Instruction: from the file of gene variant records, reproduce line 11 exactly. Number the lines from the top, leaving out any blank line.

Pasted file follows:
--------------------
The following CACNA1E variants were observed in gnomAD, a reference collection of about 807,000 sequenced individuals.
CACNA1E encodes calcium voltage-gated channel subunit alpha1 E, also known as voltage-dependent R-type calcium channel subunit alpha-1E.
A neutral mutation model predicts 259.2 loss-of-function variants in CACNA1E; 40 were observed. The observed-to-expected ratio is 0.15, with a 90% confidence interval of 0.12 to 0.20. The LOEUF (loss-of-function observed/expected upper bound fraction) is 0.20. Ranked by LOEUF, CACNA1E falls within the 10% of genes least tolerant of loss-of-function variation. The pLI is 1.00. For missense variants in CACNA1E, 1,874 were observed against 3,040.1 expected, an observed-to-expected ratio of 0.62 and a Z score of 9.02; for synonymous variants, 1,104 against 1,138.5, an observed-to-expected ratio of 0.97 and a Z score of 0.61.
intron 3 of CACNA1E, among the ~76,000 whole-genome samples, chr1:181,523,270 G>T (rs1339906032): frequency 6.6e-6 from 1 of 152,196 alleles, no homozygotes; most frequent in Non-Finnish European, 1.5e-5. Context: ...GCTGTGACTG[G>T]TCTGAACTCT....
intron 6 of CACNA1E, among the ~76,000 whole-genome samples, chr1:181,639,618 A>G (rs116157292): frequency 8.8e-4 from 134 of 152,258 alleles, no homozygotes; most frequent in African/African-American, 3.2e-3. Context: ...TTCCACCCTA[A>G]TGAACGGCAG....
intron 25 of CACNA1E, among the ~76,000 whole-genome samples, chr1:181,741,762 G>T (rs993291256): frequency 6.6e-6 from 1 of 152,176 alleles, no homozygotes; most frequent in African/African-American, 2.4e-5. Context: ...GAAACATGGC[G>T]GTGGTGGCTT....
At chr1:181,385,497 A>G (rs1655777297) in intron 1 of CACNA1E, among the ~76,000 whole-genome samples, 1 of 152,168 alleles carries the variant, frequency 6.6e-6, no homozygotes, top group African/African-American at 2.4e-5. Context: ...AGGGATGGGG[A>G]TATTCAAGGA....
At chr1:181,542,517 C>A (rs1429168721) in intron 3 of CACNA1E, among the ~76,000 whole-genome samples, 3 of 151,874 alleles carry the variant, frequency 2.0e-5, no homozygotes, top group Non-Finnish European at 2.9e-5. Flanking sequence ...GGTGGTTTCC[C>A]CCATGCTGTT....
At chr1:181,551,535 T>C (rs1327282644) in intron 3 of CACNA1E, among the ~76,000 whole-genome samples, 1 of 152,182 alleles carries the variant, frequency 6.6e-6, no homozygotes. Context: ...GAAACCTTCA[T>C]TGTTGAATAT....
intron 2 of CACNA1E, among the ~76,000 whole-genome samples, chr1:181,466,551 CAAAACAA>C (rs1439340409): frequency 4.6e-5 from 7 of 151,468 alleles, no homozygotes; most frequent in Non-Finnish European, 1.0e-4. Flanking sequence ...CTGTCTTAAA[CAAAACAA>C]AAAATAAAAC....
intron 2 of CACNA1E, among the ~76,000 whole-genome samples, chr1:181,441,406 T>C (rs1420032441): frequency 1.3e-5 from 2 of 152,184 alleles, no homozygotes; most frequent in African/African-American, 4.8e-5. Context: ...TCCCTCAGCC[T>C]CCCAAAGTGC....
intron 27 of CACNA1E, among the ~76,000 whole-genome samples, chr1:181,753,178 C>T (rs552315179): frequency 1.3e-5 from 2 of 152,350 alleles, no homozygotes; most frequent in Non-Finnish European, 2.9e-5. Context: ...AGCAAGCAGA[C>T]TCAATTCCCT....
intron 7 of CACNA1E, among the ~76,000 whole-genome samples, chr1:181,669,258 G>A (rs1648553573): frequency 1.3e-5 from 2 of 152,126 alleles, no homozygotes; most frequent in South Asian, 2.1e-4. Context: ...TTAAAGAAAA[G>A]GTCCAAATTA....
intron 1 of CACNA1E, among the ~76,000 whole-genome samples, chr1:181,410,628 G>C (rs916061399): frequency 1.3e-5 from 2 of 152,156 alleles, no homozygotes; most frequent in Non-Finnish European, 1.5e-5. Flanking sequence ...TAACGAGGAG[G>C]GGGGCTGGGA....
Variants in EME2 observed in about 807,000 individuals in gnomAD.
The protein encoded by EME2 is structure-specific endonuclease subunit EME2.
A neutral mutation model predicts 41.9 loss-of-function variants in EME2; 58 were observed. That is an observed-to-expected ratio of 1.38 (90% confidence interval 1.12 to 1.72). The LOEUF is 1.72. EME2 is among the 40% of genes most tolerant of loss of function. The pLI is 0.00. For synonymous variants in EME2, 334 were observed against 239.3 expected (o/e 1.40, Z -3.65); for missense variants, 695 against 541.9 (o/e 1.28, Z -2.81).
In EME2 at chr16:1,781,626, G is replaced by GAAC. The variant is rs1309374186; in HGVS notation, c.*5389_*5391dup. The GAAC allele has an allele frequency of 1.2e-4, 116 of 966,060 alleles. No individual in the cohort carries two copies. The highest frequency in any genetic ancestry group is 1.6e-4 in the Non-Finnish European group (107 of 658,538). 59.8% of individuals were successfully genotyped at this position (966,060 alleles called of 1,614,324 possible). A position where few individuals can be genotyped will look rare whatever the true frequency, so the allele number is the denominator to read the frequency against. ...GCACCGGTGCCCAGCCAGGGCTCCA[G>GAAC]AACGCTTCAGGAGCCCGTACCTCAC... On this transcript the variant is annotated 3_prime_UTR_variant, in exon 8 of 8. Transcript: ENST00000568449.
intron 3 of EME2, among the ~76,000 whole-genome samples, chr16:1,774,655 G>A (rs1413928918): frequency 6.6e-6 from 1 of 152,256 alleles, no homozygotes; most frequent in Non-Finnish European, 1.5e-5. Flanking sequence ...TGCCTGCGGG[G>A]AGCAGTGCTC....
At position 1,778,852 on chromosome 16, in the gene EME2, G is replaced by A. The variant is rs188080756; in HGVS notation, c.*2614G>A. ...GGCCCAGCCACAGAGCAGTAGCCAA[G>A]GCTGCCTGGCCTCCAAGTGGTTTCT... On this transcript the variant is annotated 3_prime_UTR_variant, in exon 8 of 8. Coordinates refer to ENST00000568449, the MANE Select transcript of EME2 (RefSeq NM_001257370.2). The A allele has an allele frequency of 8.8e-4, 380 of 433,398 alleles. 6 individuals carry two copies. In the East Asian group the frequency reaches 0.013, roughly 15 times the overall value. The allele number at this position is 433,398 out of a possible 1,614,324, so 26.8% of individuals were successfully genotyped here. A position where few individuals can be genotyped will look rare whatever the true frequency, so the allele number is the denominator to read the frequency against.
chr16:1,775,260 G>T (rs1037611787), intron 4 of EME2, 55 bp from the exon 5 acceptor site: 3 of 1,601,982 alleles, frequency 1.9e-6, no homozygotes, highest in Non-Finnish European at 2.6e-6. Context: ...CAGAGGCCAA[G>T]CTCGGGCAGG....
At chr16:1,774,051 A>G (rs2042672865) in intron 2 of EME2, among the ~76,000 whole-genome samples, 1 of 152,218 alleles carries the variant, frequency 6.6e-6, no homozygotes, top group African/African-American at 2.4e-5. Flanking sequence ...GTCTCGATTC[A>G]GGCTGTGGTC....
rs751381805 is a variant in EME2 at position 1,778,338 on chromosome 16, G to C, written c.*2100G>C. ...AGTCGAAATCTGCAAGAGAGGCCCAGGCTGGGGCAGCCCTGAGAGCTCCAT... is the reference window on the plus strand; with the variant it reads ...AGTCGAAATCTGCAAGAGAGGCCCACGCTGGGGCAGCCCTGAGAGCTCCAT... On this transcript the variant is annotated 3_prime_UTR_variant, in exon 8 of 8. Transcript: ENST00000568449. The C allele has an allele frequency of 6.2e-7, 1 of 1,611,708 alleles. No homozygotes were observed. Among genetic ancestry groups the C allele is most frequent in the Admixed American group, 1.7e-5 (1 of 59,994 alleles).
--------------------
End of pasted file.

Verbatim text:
intron 2 of CACNA1E, among the ~76,000 whole-genome samples, chr1:181,441,406 T>C (rs1420032441): frequency 1.3e-5 from 2 of 152,184 alleles, no homozygotes; most frequent in African/African-American, 4.8e-5. Context: ...TCCCTCAGCC[T>C]CCCAAAGTGC....